This record is a partial extract of the original cable. The full text of the original cable is not available.
121355Z Jun 03
UNCLAS HARARE 001209
FOR AF/PDPA DALTON, MITCHELL AND SIMS AND AF/S RAYNOR
E.O. 12958: N/A
TAGS: PREL ECON KPAO KMDR ZI
SUBJECT: MEDIA REPORT IMF AND ZIMBABWE; HARARE
1. Under headline "Embrace the devil" the independent
weekly "The Financial Gazette" dedicated its June 12
editorial to encouraging the government of Zimbabwe
"to seek rapprochement and mend fences" with the
International Monetary Fund (IMF) "for the good of
the nation." The call comes hard on the heels of
the suspension of Zimbabwe's voting rights in the
IMF. Excerpts follow:
2. ". . .A wide cross-section of Zimbabweans greeted news
of the suspension of the country's voting rights with
collective trepidation because they know only too well what
this means and its implications - Zimbabwe's credit rating.
. .has been reduced to junk status, a red flag which will
not escape the attention of the international financier
community. With the IMF funding on ice, Zimbabwe is now in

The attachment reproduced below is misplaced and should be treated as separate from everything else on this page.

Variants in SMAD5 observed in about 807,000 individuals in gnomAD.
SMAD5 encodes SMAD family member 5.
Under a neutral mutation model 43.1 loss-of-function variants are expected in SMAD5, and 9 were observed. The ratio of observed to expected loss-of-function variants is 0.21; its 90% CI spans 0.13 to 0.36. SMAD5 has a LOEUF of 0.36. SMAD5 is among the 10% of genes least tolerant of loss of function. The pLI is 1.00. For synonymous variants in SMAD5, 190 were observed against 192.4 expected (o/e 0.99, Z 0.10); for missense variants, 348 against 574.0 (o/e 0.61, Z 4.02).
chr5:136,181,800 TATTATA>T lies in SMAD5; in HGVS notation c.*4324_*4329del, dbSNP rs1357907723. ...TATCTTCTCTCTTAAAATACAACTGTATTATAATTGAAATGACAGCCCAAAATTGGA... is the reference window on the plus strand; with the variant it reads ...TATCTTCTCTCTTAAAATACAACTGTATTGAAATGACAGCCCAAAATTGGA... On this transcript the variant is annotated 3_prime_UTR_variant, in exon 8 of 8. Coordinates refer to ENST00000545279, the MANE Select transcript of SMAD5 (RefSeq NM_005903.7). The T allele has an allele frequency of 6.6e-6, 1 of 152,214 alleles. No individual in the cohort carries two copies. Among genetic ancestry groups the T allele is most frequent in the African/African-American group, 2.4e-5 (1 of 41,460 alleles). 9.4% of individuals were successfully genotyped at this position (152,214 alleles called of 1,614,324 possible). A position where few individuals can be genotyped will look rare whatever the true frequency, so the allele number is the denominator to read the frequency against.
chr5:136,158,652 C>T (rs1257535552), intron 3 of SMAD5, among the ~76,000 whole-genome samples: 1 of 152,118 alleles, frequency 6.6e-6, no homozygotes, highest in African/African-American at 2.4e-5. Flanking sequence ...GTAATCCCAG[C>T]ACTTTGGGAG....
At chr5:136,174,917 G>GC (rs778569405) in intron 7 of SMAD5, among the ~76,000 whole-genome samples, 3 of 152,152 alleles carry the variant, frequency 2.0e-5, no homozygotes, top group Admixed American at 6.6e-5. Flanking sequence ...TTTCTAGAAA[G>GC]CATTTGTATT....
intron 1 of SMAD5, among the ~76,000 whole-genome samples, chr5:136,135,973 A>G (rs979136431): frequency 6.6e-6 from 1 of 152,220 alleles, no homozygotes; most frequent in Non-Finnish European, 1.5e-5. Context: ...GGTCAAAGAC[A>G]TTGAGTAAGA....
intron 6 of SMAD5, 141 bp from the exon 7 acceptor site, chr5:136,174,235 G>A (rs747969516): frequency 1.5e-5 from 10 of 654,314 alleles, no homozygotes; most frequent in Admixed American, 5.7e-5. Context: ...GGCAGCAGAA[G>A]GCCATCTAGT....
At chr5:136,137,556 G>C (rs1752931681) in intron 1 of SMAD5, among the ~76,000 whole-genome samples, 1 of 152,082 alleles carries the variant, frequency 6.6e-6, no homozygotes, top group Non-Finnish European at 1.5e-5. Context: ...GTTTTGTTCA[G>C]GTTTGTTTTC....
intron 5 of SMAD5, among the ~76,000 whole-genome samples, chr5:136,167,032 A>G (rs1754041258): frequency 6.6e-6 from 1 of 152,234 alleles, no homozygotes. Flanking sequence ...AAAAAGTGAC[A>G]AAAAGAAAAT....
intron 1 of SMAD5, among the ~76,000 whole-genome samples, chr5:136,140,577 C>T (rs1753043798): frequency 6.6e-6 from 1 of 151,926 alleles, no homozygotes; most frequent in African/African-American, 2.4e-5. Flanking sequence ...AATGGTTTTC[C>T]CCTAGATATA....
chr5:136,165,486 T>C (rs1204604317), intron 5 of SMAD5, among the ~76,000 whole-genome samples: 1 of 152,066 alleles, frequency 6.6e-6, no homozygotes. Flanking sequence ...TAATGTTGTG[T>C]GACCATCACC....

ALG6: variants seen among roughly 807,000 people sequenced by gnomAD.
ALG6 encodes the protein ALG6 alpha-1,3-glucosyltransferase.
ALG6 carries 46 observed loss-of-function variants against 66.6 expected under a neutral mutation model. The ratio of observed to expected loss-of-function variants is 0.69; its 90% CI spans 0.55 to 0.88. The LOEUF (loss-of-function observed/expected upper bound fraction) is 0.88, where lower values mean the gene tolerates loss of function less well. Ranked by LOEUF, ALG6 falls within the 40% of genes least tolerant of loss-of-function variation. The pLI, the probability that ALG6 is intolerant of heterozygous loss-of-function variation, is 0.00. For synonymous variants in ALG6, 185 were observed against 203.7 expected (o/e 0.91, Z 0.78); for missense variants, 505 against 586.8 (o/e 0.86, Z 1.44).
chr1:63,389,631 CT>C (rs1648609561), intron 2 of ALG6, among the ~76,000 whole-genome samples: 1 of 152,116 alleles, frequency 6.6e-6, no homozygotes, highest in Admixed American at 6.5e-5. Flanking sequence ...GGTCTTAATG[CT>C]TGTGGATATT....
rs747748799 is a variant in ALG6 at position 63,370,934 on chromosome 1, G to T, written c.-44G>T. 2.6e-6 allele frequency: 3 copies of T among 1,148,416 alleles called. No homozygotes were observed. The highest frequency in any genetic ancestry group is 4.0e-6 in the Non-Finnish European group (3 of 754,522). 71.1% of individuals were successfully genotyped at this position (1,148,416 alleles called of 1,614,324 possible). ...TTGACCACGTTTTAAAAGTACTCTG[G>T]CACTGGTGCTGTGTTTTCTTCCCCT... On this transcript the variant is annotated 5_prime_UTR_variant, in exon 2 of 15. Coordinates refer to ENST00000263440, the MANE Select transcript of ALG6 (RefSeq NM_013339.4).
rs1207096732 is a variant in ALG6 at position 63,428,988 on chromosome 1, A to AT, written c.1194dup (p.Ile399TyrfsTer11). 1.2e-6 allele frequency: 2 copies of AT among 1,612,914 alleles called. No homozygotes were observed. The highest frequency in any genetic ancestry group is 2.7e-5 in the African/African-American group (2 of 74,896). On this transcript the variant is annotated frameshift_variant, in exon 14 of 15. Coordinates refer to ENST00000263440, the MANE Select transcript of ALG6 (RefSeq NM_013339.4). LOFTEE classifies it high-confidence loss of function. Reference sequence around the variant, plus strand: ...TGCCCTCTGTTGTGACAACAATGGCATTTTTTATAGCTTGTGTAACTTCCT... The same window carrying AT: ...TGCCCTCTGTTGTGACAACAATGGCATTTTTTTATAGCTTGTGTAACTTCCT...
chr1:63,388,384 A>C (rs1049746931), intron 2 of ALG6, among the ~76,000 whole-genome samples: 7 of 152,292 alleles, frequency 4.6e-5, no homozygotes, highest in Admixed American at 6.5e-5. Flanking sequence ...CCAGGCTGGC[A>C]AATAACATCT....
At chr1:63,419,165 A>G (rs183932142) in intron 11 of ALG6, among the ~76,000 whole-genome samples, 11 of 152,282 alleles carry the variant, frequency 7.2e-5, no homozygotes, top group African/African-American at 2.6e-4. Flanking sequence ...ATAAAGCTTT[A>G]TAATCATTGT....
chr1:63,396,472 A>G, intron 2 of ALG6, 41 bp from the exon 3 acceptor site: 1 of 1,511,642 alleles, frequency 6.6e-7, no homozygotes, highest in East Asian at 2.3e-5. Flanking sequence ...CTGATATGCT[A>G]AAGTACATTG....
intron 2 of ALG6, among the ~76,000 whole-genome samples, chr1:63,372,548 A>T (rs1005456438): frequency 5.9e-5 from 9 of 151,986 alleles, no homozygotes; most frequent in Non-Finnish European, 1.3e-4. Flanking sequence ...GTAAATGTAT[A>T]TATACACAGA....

a very deep hole because no matter how far the country
passes the hat, no international financier will twitch.
The decision by the IMF to suspend Zimbabwe will now set
the stage for the stiffening of the hands of the other
international institutions that have been sitting on the
sidelines waiting to take the cue on Zimbabwe from the IMF.
What the IMF has done will only help to convince the world
that Zimbabwe has its needle well and truly stuck, so to
speak. . .To these financiers the IMF's move on Zimbabwe is
a wake-up call: they will not touch Zimbabwe even with a
barge pole. . .Be that as it may, with the economy having
collapsed into a recessionary heap we do not have much of a
choice. . .We feel that we have no option but to
seek rapprochement and mend fences with the IMF.
Whether we like it or not we have to bite the bullet
and knuckle down to the IMF demands for the good of
the nation. Given our predicament, the IMF is a
necessary evil that, if it comes back to Zimbabwe,
could trigger a massive inflow of external funds
into the country and help us stabilize our
finances. . . ."